Types of Portable Toilets
A portable or mobility toilet is basically any kind of toilet which is movable around, either by one individual or by mechanical devices. Most kinds don’t need any pre-existing infrastructure, like sewage disposal, but rather are fully self-contained. These toilets may not have a seat and typically are designed to have a wheel which can be placed on the ground for support. The wheels of the toilet are usually powered either electronically, hydraulically, or by some combination of both.
Typically, this kind of toilet is designed with a wide base support which can hold the weight of one person. There is a drain at the bottom of the toilet, and often there is an external hose attached which drains waste into a pit latrine, or outside the house. Because this kind of toilet can be easily moved, it is ideal for people with mobility problems, and also provides a more sanitary alternative than a pit latrine. This type of toilet is commonly installed outside the home, though if the area is large enough, it may be installed into a smaller building. Portable toilets are particularly popular in public facilities, because of their ease of use.
They are similar to pit toilets, except that they don’t have a hole in the center of the toilet pan. Portable toilets also have a drain at the bottom of the tank, and often there is an external hose attached to the portability of the device. Again, this is useful for sanitation, as waste water can be disposed of outside the facility where it is generated. In addition, portable toilets are often made to take advantage of gravity in the event that they may be stuck in the tank for any period of time. They can also provide more sanitary options than a pit toilet because they don’t rely on sewage waste being pumped out through a pipe.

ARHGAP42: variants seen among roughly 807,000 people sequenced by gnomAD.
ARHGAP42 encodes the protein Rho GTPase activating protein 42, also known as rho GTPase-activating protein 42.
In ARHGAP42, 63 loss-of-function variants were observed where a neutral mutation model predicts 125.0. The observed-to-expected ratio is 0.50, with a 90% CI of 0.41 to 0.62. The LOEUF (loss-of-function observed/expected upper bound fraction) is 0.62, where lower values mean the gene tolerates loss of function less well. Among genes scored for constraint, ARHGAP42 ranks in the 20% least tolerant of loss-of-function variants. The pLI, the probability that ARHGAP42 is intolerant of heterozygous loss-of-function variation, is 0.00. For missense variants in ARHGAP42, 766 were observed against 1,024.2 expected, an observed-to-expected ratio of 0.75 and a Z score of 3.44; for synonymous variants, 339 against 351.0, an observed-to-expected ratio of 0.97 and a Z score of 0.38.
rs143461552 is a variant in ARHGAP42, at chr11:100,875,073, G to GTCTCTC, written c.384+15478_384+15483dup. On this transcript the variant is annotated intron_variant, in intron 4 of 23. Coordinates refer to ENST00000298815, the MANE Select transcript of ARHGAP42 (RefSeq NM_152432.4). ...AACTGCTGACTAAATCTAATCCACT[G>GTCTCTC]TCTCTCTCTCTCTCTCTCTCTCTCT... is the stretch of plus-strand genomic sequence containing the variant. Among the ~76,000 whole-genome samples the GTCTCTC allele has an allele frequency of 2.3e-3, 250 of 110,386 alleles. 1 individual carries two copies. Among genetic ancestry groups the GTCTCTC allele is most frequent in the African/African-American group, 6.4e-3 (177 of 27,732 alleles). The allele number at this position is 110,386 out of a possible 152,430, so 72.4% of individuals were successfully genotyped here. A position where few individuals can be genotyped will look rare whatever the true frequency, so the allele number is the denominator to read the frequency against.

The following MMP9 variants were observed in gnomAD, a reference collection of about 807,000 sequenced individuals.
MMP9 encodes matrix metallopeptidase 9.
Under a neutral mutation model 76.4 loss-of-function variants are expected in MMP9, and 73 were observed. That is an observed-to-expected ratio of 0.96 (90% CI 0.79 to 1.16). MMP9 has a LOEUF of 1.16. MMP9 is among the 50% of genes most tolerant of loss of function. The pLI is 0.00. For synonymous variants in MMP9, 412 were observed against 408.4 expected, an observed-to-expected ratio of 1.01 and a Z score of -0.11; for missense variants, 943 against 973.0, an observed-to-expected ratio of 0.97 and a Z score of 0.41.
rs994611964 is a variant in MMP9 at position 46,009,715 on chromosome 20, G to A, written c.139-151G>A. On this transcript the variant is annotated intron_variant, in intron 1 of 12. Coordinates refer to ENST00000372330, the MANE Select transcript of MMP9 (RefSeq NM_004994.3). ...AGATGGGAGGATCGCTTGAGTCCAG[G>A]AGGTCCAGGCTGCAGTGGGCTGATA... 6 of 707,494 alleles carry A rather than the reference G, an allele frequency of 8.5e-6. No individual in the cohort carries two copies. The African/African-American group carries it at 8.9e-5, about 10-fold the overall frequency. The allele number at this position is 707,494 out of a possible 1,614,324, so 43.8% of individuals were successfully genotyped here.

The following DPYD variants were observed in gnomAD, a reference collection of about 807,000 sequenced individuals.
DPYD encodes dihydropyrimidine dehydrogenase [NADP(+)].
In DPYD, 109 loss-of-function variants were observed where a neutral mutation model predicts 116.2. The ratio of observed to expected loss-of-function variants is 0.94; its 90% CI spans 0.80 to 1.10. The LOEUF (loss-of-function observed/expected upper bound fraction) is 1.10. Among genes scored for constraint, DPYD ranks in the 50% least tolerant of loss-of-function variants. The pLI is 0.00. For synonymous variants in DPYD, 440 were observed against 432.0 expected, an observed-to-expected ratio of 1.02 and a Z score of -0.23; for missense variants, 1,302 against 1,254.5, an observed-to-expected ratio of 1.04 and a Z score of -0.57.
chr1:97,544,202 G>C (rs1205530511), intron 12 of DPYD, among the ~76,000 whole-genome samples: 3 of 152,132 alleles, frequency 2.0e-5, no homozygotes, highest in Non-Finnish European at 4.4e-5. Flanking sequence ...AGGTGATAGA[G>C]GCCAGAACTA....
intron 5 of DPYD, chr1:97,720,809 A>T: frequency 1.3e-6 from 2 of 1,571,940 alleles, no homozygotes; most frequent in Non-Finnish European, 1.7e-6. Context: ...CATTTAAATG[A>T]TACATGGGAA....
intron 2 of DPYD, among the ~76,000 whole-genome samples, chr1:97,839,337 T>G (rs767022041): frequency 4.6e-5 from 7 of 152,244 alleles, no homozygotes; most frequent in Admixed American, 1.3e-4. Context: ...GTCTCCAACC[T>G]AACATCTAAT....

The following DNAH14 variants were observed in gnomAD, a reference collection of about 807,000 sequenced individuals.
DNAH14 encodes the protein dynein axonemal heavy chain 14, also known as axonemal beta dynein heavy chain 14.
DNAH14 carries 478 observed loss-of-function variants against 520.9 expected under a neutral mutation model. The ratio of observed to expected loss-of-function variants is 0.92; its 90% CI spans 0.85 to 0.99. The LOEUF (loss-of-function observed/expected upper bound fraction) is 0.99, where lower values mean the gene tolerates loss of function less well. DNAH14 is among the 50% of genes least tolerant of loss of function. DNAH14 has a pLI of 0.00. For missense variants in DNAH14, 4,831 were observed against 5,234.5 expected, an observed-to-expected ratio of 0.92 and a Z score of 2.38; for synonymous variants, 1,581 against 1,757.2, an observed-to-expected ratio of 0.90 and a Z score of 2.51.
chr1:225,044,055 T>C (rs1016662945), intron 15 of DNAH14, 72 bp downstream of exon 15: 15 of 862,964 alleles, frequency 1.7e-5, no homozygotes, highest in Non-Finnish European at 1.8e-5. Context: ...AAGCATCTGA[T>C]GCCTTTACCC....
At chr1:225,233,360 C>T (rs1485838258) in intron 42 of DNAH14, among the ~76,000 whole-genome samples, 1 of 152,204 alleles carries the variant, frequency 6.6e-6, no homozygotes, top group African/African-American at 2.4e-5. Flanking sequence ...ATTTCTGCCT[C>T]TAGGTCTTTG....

Another type of portable toilet, which isn’t actually a toilet at all, is called a bucket toilet. Bucket toilets are similar to potty toilets, in that they rely on gravity to move the waste from one end of the bucket to the other. As with pit toilets, however, bucket toilets can experience the flapper effect, in which waste will collect at the bottom of the bucket. The use of plastic waste bins as well as the use of some form of low pressure mechanism to propel the waste along the drain are two ways that bucket toilets differ from most other types of portable toilets. One other advantage of the bucket toilet is the ability to use minimal amounts of water, since all the water used goes to moving the waste around.
A type of portable toilet, which is most closely identified by its sound of clanging or rattling, is the thunderbolt toilet. There are basically two types of thunderbox toilets – one with a plastic tank, and one with a metal tank. The difference between the two is the type of mechanism that causes the toilet to rattles or make an unpleasant noise. Typically, a thunderbox toilet will be placed in areas where sanitation is either limited or where sanitation can be a problem, like near the end of a public restroom or near a food service line. Since most homeowners own cars, the chances of placing a thunderbox toilet in such locations increase.
In order to prevent serious illness and/or disease, and to protect residents of public restrooms and food service lines, many jurisdictions require that portable toilets be installed in water closets. Water closets can store waste temporarily, allowing workers to use the restroom while it fills with waste. It is recommended that you buy a quiet, hard-working toilet pump, preferably one that operates quietly and doesn’t make annoying noises when it is in use. In addition to the water closet, you should install a waste collection basket in your restroom in order to collect any uneaten waste. Finally, don’t forget to buy a sturdy lid, one that does not blow away in high winds.